It is amazing what you can do with a little vision, even if you are pretty tied by budgetary constraints. Nate Powers and his team of students pushed their budget, and skills to the edge to create a low end (though high value) dancers bullet time shots. The challenges and work frame on this project were quite different from the ones described on a previous crowdfunded bullet time shoot, so I asked Nate to share a bit about the project.
Building the Concept
As students, we are constantly looking at new techniques and images to find out how would we approach this? How can we push this further? What would we have done different? After watching Ryan Hughes’ video and behind the scenes, I realized this was a project I wanted to take on. As students we took a look at what needed to be done and tried to figure out how we could build this shoot with the gear restrictions we had available to us.
Lighting and setup
Well with my passion of theater and dance performances, I realized that I wanted to create a stage style lighting system. I had to first figure out the studio space we had available and how much room to allow the dancers a safe space to perform their moves.
Earlier in the week I had access to that studio and measured it out. we had roughly a 12 foot circle for the dancers to perform in. We used four of the background kits, used 5 of the Impact Super Clamps with the nugget to attach the strobes to the background kits. All of the 5 Norman strobes were used with 5 inch reflectors and 15 Degree grids attached. This wat light is restricted to the dancers.
We raised the background stands as high as we could and angled them all into one central spot on the floor. We used the modeling lights trimmed down so that dancers would be able to see what was going on after a moment.
I had access to the studio during the week. I decided to tape the center of the room using PH Free tape. The tape would stick but not permanently therefor would not damage the floor.
I used 6 pieces of 14ft string and marked off the camera locations using a protractor and marking off every 30 Degrees for 12 cameras much like a clock.
The day of the shoot we made sure that all 12 tripods were the same model and same gear heads as a pistol grip VS a 3 ball head would be different heights. During setup of the shoot I delegated certain jobs to specific people.
Being a Navy Veteran, I have learned that delegation can make the world of difference as there is always something that can be done before the talent shows up. My assistant had a tape measure and a hot shoe bubble level. After making sure the camera was level he ensured that the cameras were all on the same height levels.
With the triggering being the largest issue of our shoot we had to find a way to get the cameras all open at the same time.
We decided that 12 cameras being triggered by 12 assistants would be ideal, all of the cameras being set to a pre-determined ISO of 200, F/22 and a 2 seconds exposure. This would allow the dancer to get into position where I would have a handheld PocketWizard remote triggering the flashes.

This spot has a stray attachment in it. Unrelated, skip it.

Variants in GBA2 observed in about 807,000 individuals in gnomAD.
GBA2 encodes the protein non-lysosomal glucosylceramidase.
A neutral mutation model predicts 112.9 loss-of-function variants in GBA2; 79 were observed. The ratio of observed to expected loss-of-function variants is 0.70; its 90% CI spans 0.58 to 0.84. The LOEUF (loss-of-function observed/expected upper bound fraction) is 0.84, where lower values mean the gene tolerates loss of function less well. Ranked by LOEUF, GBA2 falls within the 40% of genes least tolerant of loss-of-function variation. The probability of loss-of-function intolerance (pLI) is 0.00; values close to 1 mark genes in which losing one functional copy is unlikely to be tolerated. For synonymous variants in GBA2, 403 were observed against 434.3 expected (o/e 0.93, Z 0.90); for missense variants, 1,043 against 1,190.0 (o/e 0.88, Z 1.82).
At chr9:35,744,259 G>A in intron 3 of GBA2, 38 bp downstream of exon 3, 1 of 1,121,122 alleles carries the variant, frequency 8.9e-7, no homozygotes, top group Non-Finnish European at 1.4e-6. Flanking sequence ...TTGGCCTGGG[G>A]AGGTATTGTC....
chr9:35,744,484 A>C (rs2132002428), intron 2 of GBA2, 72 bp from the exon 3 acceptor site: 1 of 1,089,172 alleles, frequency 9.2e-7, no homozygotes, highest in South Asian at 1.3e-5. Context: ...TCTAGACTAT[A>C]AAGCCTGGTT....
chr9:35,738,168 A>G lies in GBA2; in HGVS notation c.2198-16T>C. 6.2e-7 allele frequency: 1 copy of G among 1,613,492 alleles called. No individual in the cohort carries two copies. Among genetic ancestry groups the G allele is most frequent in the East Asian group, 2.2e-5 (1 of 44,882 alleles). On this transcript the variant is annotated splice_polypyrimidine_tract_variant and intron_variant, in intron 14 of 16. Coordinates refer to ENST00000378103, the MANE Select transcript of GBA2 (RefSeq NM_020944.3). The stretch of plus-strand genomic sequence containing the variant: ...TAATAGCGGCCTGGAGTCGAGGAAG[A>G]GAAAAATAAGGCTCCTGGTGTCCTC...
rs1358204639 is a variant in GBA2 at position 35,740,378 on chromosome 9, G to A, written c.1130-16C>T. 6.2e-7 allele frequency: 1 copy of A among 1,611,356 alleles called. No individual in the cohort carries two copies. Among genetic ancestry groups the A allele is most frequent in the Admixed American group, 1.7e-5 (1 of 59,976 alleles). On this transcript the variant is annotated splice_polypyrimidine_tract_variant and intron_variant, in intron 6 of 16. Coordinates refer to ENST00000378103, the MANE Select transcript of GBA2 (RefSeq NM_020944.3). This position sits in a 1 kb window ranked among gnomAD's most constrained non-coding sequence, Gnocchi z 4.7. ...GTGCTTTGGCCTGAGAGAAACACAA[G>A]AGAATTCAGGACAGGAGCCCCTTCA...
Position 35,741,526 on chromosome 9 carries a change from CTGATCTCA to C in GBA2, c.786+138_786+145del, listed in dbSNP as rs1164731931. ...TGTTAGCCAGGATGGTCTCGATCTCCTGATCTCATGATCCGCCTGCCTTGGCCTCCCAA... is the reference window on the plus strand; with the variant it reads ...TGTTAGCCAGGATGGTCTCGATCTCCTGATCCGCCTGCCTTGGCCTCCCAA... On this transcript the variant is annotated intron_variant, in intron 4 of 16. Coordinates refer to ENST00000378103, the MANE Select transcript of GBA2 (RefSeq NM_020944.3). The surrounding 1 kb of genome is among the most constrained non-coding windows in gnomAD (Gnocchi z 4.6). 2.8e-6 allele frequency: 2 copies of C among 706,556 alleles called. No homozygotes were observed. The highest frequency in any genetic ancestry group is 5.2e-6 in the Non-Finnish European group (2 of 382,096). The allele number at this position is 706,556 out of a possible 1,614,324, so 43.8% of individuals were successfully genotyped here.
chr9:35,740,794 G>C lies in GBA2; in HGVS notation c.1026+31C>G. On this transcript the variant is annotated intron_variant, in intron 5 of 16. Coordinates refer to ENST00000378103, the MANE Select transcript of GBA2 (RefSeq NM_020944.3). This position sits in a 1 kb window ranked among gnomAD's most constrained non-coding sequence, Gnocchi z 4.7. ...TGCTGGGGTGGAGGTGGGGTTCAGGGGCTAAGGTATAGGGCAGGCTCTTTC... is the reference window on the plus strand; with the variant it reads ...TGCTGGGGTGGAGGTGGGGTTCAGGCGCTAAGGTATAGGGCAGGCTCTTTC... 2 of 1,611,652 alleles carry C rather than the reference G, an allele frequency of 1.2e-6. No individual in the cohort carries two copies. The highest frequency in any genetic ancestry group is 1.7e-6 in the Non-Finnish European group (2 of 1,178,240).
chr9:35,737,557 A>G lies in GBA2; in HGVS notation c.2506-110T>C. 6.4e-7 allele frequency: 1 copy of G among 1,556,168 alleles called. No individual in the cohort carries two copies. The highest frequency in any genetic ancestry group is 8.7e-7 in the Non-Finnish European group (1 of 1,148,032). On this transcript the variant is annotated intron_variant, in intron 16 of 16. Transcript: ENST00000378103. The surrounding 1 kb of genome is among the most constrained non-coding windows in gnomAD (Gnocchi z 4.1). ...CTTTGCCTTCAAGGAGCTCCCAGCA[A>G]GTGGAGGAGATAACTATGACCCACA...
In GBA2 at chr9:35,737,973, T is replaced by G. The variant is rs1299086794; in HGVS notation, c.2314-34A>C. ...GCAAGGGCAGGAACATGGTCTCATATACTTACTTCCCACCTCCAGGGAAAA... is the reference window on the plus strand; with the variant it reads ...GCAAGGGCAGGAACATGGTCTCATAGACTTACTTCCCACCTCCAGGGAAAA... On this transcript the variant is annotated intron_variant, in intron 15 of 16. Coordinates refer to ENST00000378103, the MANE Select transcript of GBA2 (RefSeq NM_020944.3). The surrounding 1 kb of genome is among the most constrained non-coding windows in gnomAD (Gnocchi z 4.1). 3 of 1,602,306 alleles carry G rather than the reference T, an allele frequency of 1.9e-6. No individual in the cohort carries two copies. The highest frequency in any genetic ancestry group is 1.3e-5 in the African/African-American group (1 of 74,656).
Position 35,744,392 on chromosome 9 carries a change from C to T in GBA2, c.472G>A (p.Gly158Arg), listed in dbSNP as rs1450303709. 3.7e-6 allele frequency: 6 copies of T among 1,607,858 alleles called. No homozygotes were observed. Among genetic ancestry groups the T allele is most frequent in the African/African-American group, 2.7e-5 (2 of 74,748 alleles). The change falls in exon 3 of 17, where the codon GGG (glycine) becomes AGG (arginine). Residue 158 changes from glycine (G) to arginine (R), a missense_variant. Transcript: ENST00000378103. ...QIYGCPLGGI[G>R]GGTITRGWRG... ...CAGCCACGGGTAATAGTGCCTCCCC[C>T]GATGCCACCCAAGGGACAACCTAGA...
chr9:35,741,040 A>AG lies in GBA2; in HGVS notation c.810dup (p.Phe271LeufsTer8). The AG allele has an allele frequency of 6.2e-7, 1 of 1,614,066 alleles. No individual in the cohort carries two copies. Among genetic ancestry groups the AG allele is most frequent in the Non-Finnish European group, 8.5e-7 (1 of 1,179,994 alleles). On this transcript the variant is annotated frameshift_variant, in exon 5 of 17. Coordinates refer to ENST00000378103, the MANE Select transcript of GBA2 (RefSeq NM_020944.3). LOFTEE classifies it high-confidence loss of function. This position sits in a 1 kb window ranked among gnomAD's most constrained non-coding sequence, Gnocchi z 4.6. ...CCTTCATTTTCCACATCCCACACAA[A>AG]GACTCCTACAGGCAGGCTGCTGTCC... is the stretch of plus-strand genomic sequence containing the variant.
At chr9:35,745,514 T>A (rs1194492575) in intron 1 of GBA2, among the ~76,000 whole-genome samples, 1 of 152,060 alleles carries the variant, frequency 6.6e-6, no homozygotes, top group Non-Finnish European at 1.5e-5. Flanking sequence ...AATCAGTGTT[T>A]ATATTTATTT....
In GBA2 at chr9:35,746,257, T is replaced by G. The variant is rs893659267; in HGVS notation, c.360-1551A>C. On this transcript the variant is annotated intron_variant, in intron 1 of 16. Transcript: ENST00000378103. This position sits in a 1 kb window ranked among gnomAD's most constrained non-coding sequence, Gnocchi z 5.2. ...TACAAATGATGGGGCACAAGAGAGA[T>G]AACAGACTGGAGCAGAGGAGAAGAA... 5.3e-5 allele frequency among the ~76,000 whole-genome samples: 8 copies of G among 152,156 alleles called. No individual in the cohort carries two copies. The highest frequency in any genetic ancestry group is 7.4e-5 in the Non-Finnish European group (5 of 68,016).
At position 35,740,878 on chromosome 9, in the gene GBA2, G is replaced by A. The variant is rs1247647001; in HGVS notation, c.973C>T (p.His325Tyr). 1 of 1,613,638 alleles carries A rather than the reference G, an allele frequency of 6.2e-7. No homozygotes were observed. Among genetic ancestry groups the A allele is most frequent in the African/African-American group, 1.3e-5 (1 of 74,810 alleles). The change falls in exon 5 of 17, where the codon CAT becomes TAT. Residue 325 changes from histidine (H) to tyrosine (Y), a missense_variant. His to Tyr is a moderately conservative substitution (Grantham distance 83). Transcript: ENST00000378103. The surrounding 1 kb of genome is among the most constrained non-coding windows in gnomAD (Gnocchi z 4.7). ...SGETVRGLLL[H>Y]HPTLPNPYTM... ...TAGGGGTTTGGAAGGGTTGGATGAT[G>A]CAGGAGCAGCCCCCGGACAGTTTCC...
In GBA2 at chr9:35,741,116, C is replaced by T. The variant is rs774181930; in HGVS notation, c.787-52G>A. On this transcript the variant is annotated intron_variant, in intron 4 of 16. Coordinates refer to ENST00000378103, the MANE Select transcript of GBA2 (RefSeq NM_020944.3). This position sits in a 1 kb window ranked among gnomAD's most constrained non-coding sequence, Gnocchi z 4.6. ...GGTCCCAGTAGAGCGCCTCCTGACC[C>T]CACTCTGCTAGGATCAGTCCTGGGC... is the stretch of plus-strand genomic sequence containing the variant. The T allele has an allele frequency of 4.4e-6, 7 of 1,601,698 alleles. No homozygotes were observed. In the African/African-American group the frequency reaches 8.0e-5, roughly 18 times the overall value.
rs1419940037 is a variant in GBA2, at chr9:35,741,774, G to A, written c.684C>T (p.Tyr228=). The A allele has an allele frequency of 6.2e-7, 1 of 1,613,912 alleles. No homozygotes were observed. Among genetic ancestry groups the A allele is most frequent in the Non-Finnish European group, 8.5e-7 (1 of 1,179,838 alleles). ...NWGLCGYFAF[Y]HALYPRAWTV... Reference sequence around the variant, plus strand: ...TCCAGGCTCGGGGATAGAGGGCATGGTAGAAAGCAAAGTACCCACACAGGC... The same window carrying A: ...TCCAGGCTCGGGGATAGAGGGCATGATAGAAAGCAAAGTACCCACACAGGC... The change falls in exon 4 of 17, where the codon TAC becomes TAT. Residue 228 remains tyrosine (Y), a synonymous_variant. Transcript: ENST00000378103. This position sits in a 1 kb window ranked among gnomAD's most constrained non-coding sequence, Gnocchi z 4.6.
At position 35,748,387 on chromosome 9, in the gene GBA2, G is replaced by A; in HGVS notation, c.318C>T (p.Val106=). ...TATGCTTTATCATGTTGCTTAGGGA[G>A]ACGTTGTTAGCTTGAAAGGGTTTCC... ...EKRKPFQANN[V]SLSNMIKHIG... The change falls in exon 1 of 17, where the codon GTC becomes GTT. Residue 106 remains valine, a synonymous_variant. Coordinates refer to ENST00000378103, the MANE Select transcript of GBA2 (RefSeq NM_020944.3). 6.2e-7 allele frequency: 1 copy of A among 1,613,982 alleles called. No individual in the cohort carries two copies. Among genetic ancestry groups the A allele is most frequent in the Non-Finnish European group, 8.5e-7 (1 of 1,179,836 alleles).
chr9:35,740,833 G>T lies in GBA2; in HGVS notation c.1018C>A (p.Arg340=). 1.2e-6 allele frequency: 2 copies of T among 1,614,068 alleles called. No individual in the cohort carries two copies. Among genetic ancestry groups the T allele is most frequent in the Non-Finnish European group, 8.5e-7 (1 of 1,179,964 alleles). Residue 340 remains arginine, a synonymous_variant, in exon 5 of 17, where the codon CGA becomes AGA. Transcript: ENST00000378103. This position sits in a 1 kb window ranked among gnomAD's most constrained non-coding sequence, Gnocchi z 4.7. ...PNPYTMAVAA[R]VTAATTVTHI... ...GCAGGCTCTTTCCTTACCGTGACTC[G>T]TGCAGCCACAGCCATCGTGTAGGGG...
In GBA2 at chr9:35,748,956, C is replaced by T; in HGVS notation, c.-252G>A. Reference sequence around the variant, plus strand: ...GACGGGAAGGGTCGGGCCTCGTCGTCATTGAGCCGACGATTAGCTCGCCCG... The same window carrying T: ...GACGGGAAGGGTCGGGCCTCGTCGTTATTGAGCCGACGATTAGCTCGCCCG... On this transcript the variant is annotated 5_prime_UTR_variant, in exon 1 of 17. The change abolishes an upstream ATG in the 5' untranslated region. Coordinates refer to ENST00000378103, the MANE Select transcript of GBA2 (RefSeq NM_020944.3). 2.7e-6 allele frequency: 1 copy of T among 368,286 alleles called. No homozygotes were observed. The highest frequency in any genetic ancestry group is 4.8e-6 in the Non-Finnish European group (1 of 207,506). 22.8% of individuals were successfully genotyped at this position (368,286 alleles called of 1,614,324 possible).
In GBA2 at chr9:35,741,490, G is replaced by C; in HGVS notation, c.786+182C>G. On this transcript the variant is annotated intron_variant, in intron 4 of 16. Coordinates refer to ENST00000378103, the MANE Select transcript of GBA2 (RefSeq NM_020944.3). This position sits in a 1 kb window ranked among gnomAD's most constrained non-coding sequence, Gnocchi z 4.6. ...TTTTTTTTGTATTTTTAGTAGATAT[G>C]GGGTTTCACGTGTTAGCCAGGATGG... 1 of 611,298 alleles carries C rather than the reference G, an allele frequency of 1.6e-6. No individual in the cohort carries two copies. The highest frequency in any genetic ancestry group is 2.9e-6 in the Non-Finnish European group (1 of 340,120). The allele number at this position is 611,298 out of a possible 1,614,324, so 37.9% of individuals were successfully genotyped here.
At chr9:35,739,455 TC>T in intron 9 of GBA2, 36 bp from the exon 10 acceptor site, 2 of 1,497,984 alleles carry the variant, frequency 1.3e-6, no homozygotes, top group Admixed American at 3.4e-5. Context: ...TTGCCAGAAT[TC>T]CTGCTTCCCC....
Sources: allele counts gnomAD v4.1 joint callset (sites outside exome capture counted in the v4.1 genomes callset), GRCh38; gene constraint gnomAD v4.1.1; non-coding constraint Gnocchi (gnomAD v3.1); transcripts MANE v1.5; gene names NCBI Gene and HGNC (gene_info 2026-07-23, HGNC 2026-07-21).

The long shutter also allowed the difference in shutters being pressed. However with any shoot, some assistants were not able to participate. So with any great shoot, Adapt and Overcome.
I had 6 photographers present, but 12 cameras. We figured out that we would have every other camera set on the 10s delay shutter. We pressed those cameras and would rotate to the camera to the left. When the red lights on the timer cameras went solid we all would press the shutters for the regular shutter cameras. This took a bit of practice but we managed to get most of the shots open at the same time and the dancer would strike their pose and I would pop the flash triggers.
I had asked all the assistants to wear darker clothing as the camera across from them would possibly catch brighter clothing. After downloading all the cards, we started to compile folders for each dancer, then each pose.
I would take the 12 images of each pose, then bring them into photoshop. In photoshop, I then selected around the dancer and dropped it onto a black background. I had guides for certain spots like heads and feet to ensure that the scales remain the same. From there we would places all the jpegs into a movie software and flip through the jpegs over and over. The flipping through created the 360 effect we were after.
After the shoot was completed, We asked the dancers to return to the studio and discuss what they felt about the shoot. At this point they had already seen some of the results and rotations.
My first and second assistants were also interviewed as they were a crucial part of my team, and I was later interviewed. The entire process was then edited to show a time lapse of setting up, shooting in progress, showing Ryan’s video and inspiration, and showing our results. The largest message we wanted to show the world is that together as a whole we are strong. The artistic community is filled with amazing minds and talents.
We wanted to show that students are capable of great projects much like Ryan Hughes’ 360 project and that we too could complete this project on our restrictions. The project was a success and it was truly amazing seeing the pieces come together. I had spent 70 hours planning and to see the final product and even the shoot come together was quite amazing.
Our faculty were behind us and some even attended during the weekend shoot. One faculty member brought his family in to watch this shoot and another watched via U-Stream. Inspiring the world is something I look forward to do every time I pick up my camera, and I think it will only make our industry stronger to show more of these large scale shoots done by students on smaller budgets.